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Abusing nested paging for non-virtualized performance

posted 18 Sep 2012, 15:53 by George Hicken
It occurs to me, having just had a quick scan of the literature, that some of the hardware virtualization extensions that have been introduced in the past several years may also be leveraged to provide improved performance of non-virtualized operating systems.

The feature in particular that's caught my eye today is nested paging; essentially the introduction of an additional layer of hardware indirection between a virtual memory address and it's destination. While this doesn't have the fine grained control I've been lusting after for many years what it does provide is a wonderfully high performance page level mechanic for the following:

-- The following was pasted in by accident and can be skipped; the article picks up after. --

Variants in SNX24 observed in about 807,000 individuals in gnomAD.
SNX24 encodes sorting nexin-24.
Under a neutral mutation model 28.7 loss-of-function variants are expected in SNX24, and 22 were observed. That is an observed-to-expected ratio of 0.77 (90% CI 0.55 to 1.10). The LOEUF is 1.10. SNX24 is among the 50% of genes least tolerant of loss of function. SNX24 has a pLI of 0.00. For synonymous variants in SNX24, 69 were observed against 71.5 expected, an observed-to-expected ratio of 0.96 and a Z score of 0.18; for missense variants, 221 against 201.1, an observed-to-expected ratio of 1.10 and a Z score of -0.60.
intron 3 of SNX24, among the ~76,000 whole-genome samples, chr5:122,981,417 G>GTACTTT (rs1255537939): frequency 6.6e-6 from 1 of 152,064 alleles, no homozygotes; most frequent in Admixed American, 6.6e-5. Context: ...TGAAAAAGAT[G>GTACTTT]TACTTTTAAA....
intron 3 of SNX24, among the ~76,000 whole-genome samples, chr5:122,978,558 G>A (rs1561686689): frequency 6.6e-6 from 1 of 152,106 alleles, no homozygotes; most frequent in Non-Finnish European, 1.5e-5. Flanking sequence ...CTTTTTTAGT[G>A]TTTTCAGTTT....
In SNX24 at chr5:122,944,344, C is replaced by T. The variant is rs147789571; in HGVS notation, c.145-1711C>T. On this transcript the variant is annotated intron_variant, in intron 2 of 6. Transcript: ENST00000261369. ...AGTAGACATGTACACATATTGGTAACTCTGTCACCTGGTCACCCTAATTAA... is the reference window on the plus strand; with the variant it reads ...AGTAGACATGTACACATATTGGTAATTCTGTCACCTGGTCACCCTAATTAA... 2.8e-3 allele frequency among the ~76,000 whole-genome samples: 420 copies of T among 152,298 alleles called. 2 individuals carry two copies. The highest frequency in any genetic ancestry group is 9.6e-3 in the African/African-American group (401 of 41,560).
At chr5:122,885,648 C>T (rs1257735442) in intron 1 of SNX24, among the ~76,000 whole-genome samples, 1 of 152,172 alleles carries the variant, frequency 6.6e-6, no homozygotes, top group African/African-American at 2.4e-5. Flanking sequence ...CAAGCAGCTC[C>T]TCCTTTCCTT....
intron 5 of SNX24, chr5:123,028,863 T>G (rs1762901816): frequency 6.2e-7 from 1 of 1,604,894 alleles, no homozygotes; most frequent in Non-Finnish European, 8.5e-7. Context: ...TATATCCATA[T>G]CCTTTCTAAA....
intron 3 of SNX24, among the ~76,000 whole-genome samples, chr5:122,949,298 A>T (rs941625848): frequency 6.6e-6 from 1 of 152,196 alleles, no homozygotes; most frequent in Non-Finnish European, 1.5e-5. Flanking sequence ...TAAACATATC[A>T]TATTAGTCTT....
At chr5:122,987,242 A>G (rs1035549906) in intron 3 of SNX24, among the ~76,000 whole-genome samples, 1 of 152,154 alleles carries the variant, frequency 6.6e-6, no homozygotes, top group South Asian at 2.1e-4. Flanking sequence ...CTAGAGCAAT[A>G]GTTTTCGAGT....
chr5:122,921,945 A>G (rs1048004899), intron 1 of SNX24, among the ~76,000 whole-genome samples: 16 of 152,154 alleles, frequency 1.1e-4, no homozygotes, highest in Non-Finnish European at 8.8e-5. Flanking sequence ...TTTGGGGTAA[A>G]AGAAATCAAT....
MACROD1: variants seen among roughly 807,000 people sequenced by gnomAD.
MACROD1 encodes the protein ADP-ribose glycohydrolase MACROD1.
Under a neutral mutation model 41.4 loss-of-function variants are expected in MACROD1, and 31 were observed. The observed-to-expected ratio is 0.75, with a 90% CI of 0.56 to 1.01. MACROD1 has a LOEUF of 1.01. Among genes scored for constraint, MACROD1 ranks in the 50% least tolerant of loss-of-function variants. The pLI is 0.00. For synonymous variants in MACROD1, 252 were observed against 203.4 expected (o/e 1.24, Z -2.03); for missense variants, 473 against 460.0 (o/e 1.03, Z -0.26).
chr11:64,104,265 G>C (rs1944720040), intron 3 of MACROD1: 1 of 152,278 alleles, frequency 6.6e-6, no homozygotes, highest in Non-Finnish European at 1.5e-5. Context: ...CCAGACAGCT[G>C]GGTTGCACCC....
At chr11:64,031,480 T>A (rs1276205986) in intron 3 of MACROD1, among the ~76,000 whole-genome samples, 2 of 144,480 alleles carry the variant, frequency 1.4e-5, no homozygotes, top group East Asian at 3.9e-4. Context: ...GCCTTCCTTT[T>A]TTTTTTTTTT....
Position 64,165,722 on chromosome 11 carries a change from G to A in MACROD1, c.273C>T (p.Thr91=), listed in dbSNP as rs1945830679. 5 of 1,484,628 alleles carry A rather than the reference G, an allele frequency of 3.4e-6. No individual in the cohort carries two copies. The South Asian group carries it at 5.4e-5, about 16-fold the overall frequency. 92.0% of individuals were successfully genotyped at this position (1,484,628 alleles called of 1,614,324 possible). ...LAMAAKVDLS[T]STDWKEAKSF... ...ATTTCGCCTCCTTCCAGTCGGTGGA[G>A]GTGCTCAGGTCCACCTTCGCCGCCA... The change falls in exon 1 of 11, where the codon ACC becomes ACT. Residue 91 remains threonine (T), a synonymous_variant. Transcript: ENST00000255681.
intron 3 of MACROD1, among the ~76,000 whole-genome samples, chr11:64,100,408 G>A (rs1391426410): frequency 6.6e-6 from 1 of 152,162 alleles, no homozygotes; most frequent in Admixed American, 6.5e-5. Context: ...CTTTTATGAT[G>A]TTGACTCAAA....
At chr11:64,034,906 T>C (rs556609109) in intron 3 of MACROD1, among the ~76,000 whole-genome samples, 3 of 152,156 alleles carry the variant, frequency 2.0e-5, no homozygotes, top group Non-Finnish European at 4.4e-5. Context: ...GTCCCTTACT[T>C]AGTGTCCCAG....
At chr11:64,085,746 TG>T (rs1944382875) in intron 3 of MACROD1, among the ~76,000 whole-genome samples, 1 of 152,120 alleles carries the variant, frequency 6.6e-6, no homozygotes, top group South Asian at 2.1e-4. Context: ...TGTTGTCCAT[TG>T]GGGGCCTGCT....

• thread local storage
  • function pointer tables
The first is a much more appealing proposition in many ways as it's a much better mapping for the semantics of nested paging, however it's the second that would likely offer more of a performance benefit, not because it's inherently slower than a TLS access, but because it's so much more common. It does however require a  lot more work to implement and is likely to be more wasteful of memory, but then that's almost always the tradeoff you make for performance.

Obviously this function would in many ways be better implemented in the operating system, however the common address space generally sits as the core concept of a thread, and as such there is significant resistance to allowing per thread page mappings both due to the technical changes required and a mental reluctance to turn the process/thread binary set into a spectrum, maybe due to a reluctance to make the execution model more complex or an attachment to existing models.